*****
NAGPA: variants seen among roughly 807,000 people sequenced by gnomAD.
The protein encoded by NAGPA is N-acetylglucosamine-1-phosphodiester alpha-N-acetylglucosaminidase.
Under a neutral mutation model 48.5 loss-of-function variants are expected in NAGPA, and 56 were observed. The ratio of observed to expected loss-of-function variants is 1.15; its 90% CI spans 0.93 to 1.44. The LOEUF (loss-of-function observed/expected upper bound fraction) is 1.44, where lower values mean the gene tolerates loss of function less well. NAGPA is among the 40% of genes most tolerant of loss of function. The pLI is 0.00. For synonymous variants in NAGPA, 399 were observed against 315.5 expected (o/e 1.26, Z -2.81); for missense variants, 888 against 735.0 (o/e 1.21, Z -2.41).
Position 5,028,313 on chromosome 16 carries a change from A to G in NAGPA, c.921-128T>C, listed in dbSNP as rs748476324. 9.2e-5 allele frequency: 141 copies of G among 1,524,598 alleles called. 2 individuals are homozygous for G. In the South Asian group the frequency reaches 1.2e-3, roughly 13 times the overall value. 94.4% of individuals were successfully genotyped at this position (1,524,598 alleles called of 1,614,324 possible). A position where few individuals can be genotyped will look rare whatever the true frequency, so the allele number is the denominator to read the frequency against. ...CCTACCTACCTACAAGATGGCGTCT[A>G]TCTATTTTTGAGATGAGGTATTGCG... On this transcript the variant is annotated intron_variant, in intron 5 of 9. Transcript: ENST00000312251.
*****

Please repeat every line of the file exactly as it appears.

NAGPA: variants seen among roughly 807,000 people sequenced by gnomAD.
The protein encoded by NAGPA is N-acetylglucosamine-1-phosphodiester alpha-N-acetylglucosaminidase.
Under a neutral mutation model 48.5 loss-of-function variants are expected in NAGPA, and 56 were observed. The ratio of observed to expected loss-of-function variants is 1.15; its 90% CI spans 0.93 to 1.44. The LOEUF (loss-of-function observed/expected upper bound fraction) is 1.44, where lower values mean the gene tolerates loss of function less well. NAGPA is among the 40% of genes most tolerant of loss of function. The pLI is 0.00. For synonymous variants in NAGPA, 399 were observed against 315.5 expected (o/e 1.26, Z -2.81); for missense variants, 888 against 735.0 (o/e 1.21, Z -2.41).
Position 5,028,313 on chromosome 16 carries a change from A to G in NAGPA, c.921-128T>C, listed in dbSNP as rs748476324. 9.2e-5 allele frequency: 141 copies of G among 1,524,598 alleles called. 2 individuals are homozygous for G. In the South Asian group the frequency reaches 1.2e-3, roughly 13 times the overall value. 94.4% of individuals were successfully genotyped at this position (1,524,598 alleles called of 1,614,324 possible). A position where few individuals can be genotyped will look rare whatever the true frequency, so the allele number is the denominator to read the frequency against. ...CCTACCTACCTACAAGATGGCGTCT[A>G]TCTATTTTTGAGATGAGGTATTGCG... On this transcript the variant is annotated intron_variant, in intron 5 of 9. Transcript: ENST00000312251.